Tuesday, February 4, 2020

Maquilapolis Essay Example | Topics and Well Written Essays - 500 words

Maquilapolis - Essay Example This allows tackling of successive challenges within the women group alongside a replacement of pity and hopelessness by determination and uplifting faith. The moment of activism is from collaboration of three sweatshops employees with Funari, her co director and De La Torre the artist photographer. ‘Maquilapolis: city of factories’ takes us to Tijuana where Mequiladoras takes advantage of cheap labor and low taxes. Most of The workers are women who take the mental of championing for justice and necessary changes. Social, environmental and economic changes from industrialization results to pollution, joblessness and poverty in Mexico, that is sentimental in the film. Carmen and Lourdes are the women at the centre of the film. Manufacturing and assembly plants are full of women who make consumer goods for long hours in unsafe conditions and low wage. Horrors of industrialization get some expression through self-confession. Workers face exposure to chemicals that damage skin, lungs, and nasal passage. Kidney complications are not exception here as in most places of work drinking and urination is illegal. Apart from factories, home environment is also a delicate this makes most of the workers and their families to be abreast with pollution. A shantytown is their home where the waste products from factories are eminent. The lack of union representation, laxity in dealing with problems of workers and fight for women to develop their work environs is a centre of attention. Millions of workers weave the consumer nation’s fabric of life through productions of television, electric cables, toys, clothes, batteries and IV tubes. In the due process, Carmen and her colleagues reach the optimum struggle and organize for a change. Carmen takes to task a major TV manufacturer for the violation of her labor rights and gets a pay to improve her life. Lourdes and her associate group pressurize the authorities for a cleanup of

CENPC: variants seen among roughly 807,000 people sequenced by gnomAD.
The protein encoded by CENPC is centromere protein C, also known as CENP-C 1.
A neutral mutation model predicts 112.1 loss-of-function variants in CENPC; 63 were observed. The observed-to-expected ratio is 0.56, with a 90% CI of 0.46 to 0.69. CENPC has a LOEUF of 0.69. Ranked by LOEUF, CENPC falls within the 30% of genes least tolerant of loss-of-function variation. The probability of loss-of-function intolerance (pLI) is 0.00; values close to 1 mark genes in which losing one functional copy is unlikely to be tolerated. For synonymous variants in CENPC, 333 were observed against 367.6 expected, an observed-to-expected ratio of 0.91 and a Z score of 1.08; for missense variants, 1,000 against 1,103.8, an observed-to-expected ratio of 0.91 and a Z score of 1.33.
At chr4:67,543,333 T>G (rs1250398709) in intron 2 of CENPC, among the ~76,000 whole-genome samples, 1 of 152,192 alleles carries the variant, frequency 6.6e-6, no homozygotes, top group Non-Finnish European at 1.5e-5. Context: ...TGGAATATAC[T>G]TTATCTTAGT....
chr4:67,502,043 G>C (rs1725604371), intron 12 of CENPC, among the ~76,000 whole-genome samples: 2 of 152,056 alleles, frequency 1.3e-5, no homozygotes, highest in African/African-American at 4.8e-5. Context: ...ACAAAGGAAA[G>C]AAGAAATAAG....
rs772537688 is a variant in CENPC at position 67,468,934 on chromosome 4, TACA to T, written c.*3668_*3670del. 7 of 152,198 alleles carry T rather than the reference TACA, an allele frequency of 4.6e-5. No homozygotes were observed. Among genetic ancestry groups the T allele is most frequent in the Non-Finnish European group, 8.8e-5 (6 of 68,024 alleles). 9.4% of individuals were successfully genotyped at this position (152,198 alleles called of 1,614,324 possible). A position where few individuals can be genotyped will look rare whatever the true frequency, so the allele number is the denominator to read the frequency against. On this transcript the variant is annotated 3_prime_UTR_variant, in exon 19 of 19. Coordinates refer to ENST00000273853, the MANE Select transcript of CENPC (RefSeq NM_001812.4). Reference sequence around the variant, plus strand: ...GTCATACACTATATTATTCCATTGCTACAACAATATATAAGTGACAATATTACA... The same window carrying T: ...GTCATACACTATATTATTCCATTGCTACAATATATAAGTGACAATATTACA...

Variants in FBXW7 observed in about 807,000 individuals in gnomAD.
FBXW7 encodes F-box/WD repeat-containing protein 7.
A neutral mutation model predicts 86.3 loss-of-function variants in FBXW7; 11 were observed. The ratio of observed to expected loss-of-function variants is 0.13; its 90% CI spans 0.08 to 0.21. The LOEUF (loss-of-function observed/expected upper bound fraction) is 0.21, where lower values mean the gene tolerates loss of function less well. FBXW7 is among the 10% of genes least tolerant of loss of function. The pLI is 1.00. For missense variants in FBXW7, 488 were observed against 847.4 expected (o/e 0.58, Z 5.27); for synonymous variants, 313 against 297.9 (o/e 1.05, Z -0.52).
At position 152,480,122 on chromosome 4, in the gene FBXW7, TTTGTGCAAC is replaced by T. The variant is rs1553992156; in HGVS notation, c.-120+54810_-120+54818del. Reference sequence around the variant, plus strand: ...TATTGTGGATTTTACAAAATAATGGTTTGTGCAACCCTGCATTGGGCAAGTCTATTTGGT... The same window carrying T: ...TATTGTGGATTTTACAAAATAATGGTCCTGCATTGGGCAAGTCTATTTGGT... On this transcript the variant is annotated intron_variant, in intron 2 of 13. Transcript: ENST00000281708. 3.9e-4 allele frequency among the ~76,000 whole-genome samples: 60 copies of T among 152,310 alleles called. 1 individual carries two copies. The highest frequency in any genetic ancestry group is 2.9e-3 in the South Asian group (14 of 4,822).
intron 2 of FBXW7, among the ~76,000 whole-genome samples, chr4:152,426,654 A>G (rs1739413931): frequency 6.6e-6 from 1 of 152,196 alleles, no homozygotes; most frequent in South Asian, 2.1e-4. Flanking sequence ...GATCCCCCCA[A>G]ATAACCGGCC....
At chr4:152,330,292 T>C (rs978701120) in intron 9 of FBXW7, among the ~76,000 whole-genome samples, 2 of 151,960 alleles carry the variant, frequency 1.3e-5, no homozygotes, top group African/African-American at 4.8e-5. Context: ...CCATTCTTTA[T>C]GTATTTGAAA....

Monday, January 27, 2020

Types of Threats and Prevention in Networking